Monday, April 16, 2012

"Batman & Mr. Freeze: Sub Zero" - Original Motion Picture Score (Michael McCuistion, 1998)


Composed by Michael McCuistion

Track Listing:

1: Main Title/Submarine (2:23)
2: The Cave (0:54)
3: Nora/Vengeance (3:04)
4: Gotham City (0:29)
5: Jewel Thieves (1:30)
6: Batman & Robin/Jewel Thieves Captured (0:56)
7: Children’s Hospital Fundraiser (1:38)
8: Batgirl On Patrol (0:39)
9: Frozen Road/Old Colleague (0:58)
10: 1st Clue (0:26)
11: Nora Is Dying/Compatible Donor (1:23)
12: Shaugnessys (1:13)
13: Barbara Kidnapped (2:39)
14: The Chase (3:59)
15: Prisoner (0:41)
16: Blood Donor Database (0:38)
17: Trying To Escape (1:20)
18: Nowhere To Run (3:28)
19: Discovery (0:35)
20: Belson's Home (1:19)
21: Break In (0:31)
22: Break Out (0:15)
23: Batwing/Surgery (3:05)
24: Heroes Are Here (2:16)
25: Bears/Fire/Explosion (1:40)
26: Bat Rescue (4:46)
27: Run For Nora & Noonak (2:28)
28: Freeze's Destiny/Big Explosion (2:27)
29: Nora Is Alive (1:00)
30: End Titles (4:03)


While not as grand and sweeping as the score for “Batman: Mask of the Phantasm” (1993), composer Michael McCuistion (a member of Shirley Walker’s team from the animated series) delivers a finely tuned and tragically poetic score for “Batman & Mr. Freeze: Sub Zero” (1998).


Beginning with a rendition of Danny Elfman’s original movie theme, the score quickly establishes its own rules and tone, first and foremost with a new love theme for Victor and Nora Fries with the “Nora” cue. It plays as a bit of an homage to “Heart of Ice” with its twinkling romantic nature but ultimately I think this version is even better than the show.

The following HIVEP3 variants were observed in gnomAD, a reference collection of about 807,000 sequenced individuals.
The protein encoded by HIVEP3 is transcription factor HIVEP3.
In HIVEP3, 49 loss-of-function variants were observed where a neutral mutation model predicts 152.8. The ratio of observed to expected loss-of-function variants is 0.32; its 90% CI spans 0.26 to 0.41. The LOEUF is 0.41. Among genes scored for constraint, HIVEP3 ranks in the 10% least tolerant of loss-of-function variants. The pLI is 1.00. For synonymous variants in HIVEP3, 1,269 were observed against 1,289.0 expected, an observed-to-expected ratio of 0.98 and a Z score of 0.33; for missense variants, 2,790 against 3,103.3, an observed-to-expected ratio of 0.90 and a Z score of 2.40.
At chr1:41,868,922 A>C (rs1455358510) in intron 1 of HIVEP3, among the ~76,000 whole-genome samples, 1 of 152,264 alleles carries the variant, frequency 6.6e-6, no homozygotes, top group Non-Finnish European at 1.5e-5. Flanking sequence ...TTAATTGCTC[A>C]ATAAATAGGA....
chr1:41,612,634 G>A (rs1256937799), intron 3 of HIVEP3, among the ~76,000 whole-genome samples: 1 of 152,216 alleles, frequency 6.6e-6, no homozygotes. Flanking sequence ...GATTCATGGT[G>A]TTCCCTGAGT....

It’s such a touching piece of music and it amazes me how, even for a direct to video release, no corners were cut on creating a collection of symphonic arrangements with a precise attention to emotional detail and quality.



From there things pick up and the jazz-nature of the score rears its head with a delightfully upbeat arrival to “Gotham City.” For some reason, Jazz seems to work exceedingly well within the confines of “Batman: The Animated Series,” as referenced in the score for series episode “A Bullet for Bullock,” which went an Emmy award for the series.

The brass work here and in other tracks is even more textured than “Mask of the Phantasm” on certain occasions and, interestingly enough, it sort of echoes Danny Elfman’s approach to “Batman Returns.”

Gotham itself comes alive here, musically speaking.

Again, McCuistion’s score can often give off these vibes as if off to the side of the scene, he’s right there leading the orchestra as they play the cues live…in the streets and on the rooftops, at the parties and the restaurants and along the boulevards. I’ve always loved all the ways composers work to give the city itself a sense of vibrancy and personality and McCuistion does a great job in capturing the essence of Gotham’s romanticism here.